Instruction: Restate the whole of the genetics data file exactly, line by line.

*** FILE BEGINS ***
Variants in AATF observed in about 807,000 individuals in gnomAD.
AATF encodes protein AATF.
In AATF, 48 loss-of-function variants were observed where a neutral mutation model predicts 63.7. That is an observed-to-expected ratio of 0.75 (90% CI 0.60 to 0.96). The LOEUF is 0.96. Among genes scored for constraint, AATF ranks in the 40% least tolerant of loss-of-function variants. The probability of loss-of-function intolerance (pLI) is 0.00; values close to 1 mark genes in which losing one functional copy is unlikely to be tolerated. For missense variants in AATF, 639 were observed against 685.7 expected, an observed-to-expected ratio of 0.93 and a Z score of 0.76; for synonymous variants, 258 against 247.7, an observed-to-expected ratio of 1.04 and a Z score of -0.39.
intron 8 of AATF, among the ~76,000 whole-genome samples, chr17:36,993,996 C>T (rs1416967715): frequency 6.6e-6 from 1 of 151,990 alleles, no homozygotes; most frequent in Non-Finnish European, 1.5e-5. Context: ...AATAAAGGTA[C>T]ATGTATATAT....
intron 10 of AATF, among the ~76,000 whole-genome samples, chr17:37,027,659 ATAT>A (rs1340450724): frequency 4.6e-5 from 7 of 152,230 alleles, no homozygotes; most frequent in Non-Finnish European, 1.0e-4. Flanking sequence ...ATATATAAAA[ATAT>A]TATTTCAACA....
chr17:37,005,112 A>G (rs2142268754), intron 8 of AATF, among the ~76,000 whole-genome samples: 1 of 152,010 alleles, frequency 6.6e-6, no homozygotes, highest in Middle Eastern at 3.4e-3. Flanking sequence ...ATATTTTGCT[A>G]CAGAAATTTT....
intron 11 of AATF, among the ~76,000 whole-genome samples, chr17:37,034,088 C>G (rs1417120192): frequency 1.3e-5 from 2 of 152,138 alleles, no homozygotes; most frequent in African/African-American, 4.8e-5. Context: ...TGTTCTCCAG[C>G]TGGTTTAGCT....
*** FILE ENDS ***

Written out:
Variants in AATF observed in about 807,000 individuals in gnomAD.
AATF encodes protein AATF.
In AATF, 48 loss-of-function variants were observed where a neutral mutation model predicts 63.7. That is an observed-to-expected ratio of 0.75 (90% CI 0.60 to 0.96). The LOEUF is 0.96. Among genes scored for constraint, AATF ranks in the 40% least tolerant of loss-of-function variants. The probability of loss-of-function intolerance (pLI) is 0.00; values close to 1 mark genes in which losing one functional copy is unlikely to be tolerated. For missense variants in AATF, 639 were observed against 685.7 expected, an observed-to-expected ratio of 0.93 and a Z score of 0.76; for synonymous variants, 258 against 247.7, an observed-to-expected ratio of 1.04 and a Z score of -0.39.
intron 8 of AATF, among the ~76,000 whole-genome samples, chr17:36,993,996 C>T (rs1416967715): frequency 6.6e-6 from 1 of 151,990 alleles, no homozygotes; most frequent in Non-Finnish European, 1.5e-5. Context: ...AATAAAGGTA[C>T]ATGTATATAT....
intron 10 of AATF, among the ~76,000 whole-genome samples, chr17:37,027,659 ATAT>A (rs1340450724): frequency 4.6e-5 from 7 of 152,230 alleles, no homozygotes; most frequent in Non-Finnish European, 1.0e-4. Flanking sequence ...ATATATAAAA[ATAT>A]TATTTCAACA....
chr17:37,005,112 A>G (rs2142268754), intron 8 of AATF, among the ~76,000 whole-genome samples: 1 of 152,010 alleles, frequency 6.6e-6, no homozygotes, highest in Middle Eastern at 3.4e-3. Flanking sequence ...ATATTTTGCT[A>G]CAGAAATTTT....
intron 11 of AATF, among the ~76,000 whole-genome samples, chr17:37,034,088 C>G (rs1417120192): frequency 1.3e-5 from 2 of 152,138 alleles, no homozygotes; most frequent in African/African-American, 4.8e-5. Context: ...TGTTCTCCAG[C>G]TGGTTTAGCT....